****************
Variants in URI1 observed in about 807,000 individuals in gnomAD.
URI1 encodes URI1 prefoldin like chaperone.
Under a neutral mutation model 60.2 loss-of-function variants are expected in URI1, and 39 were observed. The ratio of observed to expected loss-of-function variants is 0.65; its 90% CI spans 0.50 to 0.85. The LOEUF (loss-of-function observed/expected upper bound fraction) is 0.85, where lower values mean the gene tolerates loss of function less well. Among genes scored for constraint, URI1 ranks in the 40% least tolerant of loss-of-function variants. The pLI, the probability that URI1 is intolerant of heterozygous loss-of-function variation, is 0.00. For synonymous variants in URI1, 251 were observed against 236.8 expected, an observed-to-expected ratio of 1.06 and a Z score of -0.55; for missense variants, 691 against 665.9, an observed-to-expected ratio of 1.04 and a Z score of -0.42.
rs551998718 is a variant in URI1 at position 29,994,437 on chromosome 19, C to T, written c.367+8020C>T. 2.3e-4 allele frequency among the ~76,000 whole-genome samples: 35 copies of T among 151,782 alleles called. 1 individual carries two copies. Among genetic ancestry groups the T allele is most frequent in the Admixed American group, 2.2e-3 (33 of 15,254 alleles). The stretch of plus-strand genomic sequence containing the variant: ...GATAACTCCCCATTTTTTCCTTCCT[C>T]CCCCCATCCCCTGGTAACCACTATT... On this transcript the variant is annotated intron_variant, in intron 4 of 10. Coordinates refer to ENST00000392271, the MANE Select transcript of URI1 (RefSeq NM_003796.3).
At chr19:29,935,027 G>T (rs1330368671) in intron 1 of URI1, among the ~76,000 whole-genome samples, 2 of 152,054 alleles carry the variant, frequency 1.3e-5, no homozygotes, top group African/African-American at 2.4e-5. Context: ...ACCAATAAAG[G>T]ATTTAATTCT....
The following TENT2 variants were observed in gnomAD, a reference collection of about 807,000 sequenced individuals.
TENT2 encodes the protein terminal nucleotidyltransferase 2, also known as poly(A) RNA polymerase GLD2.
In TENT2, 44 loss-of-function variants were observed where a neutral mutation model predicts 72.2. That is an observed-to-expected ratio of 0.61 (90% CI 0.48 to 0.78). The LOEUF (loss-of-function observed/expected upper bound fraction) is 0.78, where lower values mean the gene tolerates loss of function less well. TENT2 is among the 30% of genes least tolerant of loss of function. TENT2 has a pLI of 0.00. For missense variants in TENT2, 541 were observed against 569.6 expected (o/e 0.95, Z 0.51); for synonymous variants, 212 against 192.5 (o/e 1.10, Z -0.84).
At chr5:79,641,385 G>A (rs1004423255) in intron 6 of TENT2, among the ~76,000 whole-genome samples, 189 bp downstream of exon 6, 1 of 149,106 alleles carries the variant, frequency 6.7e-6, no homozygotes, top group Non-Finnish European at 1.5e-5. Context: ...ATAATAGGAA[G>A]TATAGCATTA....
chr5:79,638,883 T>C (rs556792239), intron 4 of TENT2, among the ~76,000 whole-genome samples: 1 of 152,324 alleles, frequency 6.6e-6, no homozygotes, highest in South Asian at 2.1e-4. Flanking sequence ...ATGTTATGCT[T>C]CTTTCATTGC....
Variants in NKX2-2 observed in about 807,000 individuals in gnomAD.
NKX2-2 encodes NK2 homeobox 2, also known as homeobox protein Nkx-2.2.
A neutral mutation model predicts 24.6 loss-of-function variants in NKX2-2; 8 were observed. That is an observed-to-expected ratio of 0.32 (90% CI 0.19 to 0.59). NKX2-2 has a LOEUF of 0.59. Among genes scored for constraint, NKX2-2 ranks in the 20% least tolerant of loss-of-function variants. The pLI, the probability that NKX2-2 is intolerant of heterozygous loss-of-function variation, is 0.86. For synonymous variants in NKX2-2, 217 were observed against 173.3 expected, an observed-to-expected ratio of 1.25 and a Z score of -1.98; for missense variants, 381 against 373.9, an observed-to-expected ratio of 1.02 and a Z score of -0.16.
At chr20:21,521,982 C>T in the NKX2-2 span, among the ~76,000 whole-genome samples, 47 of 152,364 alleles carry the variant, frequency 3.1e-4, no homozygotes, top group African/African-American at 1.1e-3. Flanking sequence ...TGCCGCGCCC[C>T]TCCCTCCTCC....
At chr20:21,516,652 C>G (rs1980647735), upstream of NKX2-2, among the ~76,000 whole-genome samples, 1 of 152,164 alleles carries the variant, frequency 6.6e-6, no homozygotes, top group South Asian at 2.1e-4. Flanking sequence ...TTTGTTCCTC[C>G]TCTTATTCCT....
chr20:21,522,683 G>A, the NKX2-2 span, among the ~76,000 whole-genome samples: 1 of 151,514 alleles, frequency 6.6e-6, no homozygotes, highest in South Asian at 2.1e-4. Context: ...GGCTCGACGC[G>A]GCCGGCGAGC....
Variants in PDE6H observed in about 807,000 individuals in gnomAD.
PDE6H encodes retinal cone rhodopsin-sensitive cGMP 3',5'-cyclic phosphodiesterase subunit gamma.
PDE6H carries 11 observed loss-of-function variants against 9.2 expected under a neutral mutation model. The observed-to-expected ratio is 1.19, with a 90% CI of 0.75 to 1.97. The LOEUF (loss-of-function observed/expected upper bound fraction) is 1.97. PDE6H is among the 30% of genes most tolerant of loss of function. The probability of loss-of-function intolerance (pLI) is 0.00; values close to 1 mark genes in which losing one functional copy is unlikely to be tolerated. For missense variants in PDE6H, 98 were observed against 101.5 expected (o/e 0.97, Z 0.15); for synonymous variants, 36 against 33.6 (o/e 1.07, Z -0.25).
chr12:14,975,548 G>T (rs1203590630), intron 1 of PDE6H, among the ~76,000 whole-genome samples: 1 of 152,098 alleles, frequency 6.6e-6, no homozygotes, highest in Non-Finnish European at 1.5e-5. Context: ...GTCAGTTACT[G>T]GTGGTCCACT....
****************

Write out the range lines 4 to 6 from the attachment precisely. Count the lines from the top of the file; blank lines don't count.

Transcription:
rs551998718 is a variant in URI1 at position 29,994,437 on chromosome 19, C to T, written c.367+8020C>T. 2.3e-4 allele frequency among the ~76,000 whole-genome samples: 35 copies of T among 151,782 alleles called. 1 individual carries two copies. Among genetic ancestry groups the T allele is most frequent in the Admixed American group, 2.2e-3 (33 of 15,254 alleles). The stretch of plus-strand genomic sequence containing the variant: ...GATAACTCCCCATTTTTTCCTTCCT[C>T]CCCCCATCCCCTGGTAACCACTATT... On this transcript the variant is annotated intron_variant, in intron 4 of 10. Coordinates refer to ENST00000392271, the MANE Select transcript of URI1 (RefSeq NM_003796.3).
At chr19:29,935,027 G>T (rs1330368671) in intron 1 of URI1, among the ~76,000 whole-genome samples, 2 of 152,054 alleles carry the variant, frequency 1.3e-5, no homozygotes, top group African/African-American at 2.4e-5. Context: ...ACCAATAAAG[G>T]ATTTAATTCT....
The following TENT2 variants were observed in gnomAD, a reference collection of about 807,000 sequenced individuals.